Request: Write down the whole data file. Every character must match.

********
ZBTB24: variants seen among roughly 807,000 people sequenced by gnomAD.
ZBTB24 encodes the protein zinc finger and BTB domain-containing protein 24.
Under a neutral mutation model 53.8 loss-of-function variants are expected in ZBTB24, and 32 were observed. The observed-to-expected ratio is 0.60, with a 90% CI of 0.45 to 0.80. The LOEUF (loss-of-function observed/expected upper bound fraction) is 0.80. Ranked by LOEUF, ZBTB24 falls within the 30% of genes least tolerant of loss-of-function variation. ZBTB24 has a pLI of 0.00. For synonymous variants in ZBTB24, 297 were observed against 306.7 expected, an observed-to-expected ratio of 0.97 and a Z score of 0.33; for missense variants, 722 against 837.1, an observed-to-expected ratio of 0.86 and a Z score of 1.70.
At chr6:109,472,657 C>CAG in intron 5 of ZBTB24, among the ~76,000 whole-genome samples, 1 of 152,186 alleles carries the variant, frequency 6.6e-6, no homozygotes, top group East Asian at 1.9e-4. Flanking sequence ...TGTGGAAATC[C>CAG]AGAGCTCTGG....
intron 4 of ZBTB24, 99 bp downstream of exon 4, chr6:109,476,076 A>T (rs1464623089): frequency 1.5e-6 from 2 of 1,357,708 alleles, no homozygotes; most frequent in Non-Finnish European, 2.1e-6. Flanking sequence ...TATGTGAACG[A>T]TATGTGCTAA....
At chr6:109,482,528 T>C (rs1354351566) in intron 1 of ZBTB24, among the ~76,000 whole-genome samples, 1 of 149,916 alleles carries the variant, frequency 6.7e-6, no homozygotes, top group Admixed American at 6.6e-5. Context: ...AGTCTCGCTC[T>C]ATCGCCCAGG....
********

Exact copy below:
ZBTB24: variants seen among roughly 807,000 people sequenced by gnomAD.
ZBTB24 encodes the protein zinc finger and BTB domain-containing protein 24.
Under a neutral mutation model 53.8 loss-of-function variants are expected in ZBTB24, and 32 were observed. The observed-to-expected ratio is 0.60, with a 90% CI of 0.45 to 0.80. The LOEUF (loss-of-function observed/expected upper bound fraction) is 0.80. Ranked by LOEUF, ZBTB24 falls within the 30% of genes least tolerant of loss-of-function variation. ZBTB24 has a pLI of 0.00. For synonymous variants in ZBTB24, 297 were observed against 306.7 expected, an observed-to-expected ratio of 0.97 and a Z score of 0.33; for missense variants, 722 against 837.1, an observed-to-expected ratio of 0.86 and a Z score of 1.70.
At chr6:109,472,657 C>CAG in intron 5 of ZBTB24, among the ~76,000 whole-genome samples, 1 of 152,186 alleles carries the variant, frequency 6.6e-6, no homozygotes, top group East Asian at 1.9e-4. Flanking sequence ...TGTGGAAATC[C>CAG]AGAGCTCTGG....
intron 4 of ZBTB24, 99 bp downstream of exon 4, chr6:109,476,076 A>T (rs1464623089): frequency 1.5e-6 from 2 of 1,357,708 alleles, no homozygotes; most frequent in Non-Finnish European, 2.1e-6. Flanking sequence ...TATGTGAACG[A>T]TATGTGCTAA....
At chr6:109,482,528 T>C (rs1354351566) in intron 1 of ZBTB24, among the ~76,000 whole-genome samples, 1 of 149,916 alleles carries the variant, frequency 6.7e-6, no homozygotes, top group Admixed American at 6.6e-5. Context: ...AGTCTCGCTC[T>C]ATCGCCCAGG....